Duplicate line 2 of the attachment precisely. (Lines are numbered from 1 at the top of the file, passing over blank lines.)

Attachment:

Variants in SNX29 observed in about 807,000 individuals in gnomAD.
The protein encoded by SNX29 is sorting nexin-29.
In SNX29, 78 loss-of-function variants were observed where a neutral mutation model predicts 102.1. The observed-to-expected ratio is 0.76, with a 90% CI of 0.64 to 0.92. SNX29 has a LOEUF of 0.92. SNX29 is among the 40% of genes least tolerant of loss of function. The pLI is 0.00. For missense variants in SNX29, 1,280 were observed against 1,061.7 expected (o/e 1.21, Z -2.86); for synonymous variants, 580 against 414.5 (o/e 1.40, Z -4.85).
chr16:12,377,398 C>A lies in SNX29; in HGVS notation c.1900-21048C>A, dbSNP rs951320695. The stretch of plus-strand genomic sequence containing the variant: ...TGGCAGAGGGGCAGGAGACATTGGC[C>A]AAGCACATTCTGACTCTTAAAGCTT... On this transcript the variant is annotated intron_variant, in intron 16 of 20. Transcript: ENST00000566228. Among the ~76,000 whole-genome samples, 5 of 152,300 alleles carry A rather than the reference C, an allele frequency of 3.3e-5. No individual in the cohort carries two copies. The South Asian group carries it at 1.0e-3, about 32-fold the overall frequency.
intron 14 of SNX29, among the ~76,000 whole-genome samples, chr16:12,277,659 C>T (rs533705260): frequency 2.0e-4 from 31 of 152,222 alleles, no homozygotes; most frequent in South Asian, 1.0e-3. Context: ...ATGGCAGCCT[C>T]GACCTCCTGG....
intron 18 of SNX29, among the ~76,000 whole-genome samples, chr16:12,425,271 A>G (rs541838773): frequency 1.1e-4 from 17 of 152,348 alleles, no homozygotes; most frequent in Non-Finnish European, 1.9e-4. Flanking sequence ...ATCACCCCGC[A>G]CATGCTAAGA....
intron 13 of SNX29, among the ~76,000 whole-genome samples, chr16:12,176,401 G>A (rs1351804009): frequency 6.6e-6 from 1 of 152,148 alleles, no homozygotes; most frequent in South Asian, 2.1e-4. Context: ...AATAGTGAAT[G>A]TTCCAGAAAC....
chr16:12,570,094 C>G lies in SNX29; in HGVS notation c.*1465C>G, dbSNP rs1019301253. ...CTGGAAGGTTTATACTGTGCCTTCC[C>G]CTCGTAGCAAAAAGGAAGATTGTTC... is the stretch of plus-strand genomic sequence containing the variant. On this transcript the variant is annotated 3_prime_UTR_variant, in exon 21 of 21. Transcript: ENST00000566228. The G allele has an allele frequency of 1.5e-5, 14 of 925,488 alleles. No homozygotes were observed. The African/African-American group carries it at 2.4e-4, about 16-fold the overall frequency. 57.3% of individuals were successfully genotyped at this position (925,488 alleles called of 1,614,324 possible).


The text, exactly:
The protein encoded by SNX29 is sorting nexin-29.